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Money Illusion in the Twenty-First Century

Summary:
Money Illusion in the Twenty-First Century The starting point for any consideration of inflation is that wages (and interest, profits, and rents) are prices.  Every transaction has two sides, and one person’s price is another’s income.  In the aggregate, leaving aside international complications, inflation can’t have either a negative or positive effect on aggregate real income.  After this, you can explore issues of distribution, inflation’s effects on planning, and so on. Money illusion is the name given to the failure to recognize the income-expenditure identity.  Your introductory economics textbook, if you were exposed in high school or college, defines the problem as one of recognizing changes in your nominal income but not the prices of

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Money Illusion in the Twenty-First Century

The starting point for any consideration of inflation is that wages (and interest, profits, and rents) are prices.  Every transaction has two sides, and one person’s price is another’s income.  In the aggregate, leaving aside international complications, inflation can’t have either a negative or positive effect on aggregate real income.  After this, you can explore issues of distribution, inflation’s effects on planning, and so on.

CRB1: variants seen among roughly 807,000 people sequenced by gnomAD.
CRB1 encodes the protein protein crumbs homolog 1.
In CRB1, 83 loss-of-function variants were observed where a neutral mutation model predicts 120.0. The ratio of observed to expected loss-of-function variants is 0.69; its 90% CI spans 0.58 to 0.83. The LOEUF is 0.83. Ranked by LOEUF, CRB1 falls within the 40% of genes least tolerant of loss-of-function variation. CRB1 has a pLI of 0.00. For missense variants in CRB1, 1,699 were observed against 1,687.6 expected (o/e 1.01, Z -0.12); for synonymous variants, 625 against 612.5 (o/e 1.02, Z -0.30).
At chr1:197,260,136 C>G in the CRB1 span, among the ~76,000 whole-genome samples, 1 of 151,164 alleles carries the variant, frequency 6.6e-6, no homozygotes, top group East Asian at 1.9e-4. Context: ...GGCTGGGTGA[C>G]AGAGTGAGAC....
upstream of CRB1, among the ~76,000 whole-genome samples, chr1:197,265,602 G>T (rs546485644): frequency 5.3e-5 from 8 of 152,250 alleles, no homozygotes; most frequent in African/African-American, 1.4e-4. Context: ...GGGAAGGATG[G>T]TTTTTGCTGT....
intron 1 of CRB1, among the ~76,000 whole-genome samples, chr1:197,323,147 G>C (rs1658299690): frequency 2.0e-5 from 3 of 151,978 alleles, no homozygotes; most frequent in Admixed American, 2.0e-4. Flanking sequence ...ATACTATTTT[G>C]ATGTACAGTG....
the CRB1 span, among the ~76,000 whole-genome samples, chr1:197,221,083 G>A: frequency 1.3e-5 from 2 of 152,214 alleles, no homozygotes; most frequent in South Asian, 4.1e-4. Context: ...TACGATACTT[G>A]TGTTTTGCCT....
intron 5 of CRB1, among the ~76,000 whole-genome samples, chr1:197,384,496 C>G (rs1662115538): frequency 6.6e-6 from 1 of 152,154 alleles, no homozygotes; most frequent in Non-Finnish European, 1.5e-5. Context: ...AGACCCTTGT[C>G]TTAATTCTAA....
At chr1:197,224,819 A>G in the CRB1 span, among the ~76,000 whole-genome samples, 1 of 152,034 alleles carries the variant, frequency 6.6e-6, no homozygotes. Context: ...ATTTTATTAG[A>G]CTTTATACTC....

Money illusion is the name given to the failure to recognize the income-expenditure identity.  Your introductory economics textbook, if you were exposed in high school or college, defines the problem as one of recognizing changes in your nominal income but not the prices of the goods you buy.  It leads to the mistaken view that inflation makes you better off.

But people have gotten wise to price increases, if only because the media explode with concern when any potentially inflationary tremors are felt.  If anything, paranoia about inflation has become the norm.

This is also a form of money illusion, but a reverse of the first: people recognize the rise in prices but not that this also entails the rise in their incomes.  They rally in support of politicians who promise to reign in any hint of inflation, thinking that if prices stabilize they can fully enjoy the increase in their incomes, which they expect to continue unabated.  In my own, oddball textbook I call this “Type II Money Illusion”.

From a pure theory standpoint, these two forms of illusion have an identical basis, but one is railed against in every basic macroeconomics class while the other goes unmentioned.  Ever wonder why?

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